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How to Keep Dad Guilt From Turning Into Dad Depression

Being a new dad can be an emotional roller coaster. Be sure to lock yourself in for the ride.

There is a fine line between dad guilt and postpartum depression in new fathers, psychologists warn. Dad guilt, like mom guilt, may be associated with feelings of shame, embarrassment, and failure about living up to parenting responsibilities. But symptoms of depression in men are not far off. It can be a slippery slope for men because healthy coping skills, such as going to the gym or hanging out with friends, are rarely options for new, exhausted fathers. So the guilt and inexplicable sadness are set to snowball from there. 

“Men are socialized to be more I-focused than we-focused,” says Dr. Josh Coleman, a psychologist and senior fellow at the Counsel for Contemporary Families at the University of Texas in Austin. “Making that switch once you have a child can be difficult for dads, and leads to unexpected stress.”

This guilt can be further compounded by the fact that there are aspects of new parenthood dads just cannot take part in. Like middle-of-the-night breastfeeding, or cries that only mom seems to be able to soothe, or childbirth itself. Take comfort in knowing that much of this guilt stems from falsehoods perpetuated about parenting. “There simply is no such thing as 50/50 parenting,” says Ellen Galinsky, president and co-founder of the Families and Work Institute in New York. “It’s one of the biggest myths in our culture. Parenting is a ratio that shifts all the time. Sometimes she does more; sometimes you do more. Not everything is equal at every moment.”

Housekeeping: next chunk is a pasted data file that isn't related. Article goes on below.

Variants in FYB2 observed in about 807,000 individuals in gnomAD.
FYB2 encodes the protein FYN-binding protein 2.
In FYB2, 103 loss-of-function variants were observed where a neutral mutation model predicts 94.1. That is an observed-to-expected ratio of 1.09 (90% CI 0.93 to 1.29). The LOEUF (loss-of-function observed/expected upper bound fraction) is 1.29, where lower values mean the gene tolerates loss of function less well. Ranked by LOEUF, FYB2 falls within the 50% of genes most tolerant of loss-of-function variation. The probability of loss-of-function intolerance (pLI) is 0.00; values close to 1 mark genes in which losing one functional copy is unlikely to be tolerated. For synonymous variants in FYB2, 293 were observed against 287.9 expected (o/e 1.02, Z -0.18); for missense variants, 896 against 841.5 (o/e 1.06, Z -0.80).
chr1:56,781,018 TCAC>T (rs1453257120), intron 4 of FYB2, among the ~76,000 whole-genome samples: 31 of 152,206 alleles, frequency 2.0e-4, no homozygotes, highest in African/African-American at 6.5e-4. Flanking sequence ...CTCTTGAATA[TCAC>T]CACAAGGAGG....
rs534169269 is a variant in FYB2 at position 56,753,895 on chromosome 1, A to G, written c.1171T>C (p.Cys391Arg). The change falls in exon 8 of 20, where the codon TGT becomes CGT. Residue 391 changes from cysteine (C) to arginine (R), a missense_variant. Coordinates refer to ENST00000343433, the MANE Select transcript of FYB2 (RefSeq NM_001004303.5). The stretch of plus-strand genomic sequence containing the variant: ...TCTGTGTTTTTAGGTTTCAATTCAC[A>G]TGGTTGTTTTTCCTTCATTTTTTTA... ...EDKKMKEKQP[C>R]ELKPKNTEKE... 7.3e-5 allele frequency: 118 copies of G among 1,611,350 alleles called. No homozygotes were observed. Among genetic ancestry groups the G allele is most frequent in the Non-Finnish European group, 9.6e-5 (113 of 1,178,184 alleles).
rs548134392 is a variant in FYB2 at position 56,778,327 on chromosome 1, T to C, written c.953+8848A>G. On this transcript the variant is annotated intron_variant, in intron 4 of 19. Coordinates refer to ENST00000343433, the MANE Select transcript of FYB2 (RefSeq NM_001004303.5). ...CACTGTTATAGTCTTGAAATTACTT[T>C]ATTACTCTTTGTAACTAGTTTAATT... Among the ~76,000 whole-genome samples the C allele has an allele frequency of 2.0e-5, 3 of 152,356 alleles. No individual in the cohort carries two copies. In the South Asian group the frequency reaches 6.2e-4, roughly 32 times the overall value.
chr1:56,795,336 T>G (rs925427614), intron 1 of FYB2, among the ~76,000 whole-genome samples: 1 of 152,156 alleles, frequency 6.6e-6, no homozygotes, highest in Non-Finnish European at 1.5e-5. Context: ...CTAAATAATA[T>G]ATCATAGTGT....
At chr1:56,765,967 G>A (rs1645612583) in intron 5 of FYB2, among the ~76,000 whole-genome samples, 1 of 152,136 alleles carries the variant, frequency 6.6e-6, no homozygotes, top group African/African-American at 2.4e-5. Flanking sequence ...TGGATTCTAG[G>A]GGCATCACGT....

That said, millennial dads want to be more involved in caring for their new child, says Galinsky. “Men today have tripled the amount of time they spend with their kids compared with previous decades,” adds Coleman. So when you sense an inability to contribute, it is normal to feel frustrated or guilty.

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Something else to consider: Experiencing guilt, loss, and anger could also be part of male postpartum depression (PPD). For years, medical experts thought women were the only ones who suffered from postpartum depression, but a study in the Journal of the American Medical Association found that 10 percent of new dads experience it as well, which compares somewhat evenly to the 12 percent of women showing symptoms. The condition is marked by feelings of sadness, worthlessness, and withdrawal in your new role as a parent.

What’s more, a new study from the University of Southern California finds that post-baby depression in men is linked to a drop in testosterone levels, evidence that negative emotions surrounding new fatherhood are not just in your head. They’re biochemically based.

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Alleviating some of those emotions requires accepting that you had certain expectations about being a new dad that have not turned out to be true, Galinsky believes. Reconsider your belief that all parenting should be split right down the middle; try to see it as a ping-pong match, and think of ways to contribute when it’s your turn. For instance, “When the baby is crying in the middle of the night, be the one who gets out of the cozy warm bed, walks to the crib to get him, and carries him back to the mom for nursing,” suggests Coleman. “Help her, not the baby,” agrees Galinsky. “We’ve found in surveys that what women want most is a partner who takes care of them during this time.”

You can also offer to spend time alone with the baby, allowing your partner a much-needed break. “Just don’t be surprised if she goes out and calls you every five minutes to check on things,” says Galinsky. “Bite your tongue, it’s totally normal.” Take satisfaction in knowing you are doing your part to make the new parent dance a little easier — and that’s nothing to feel guilty about.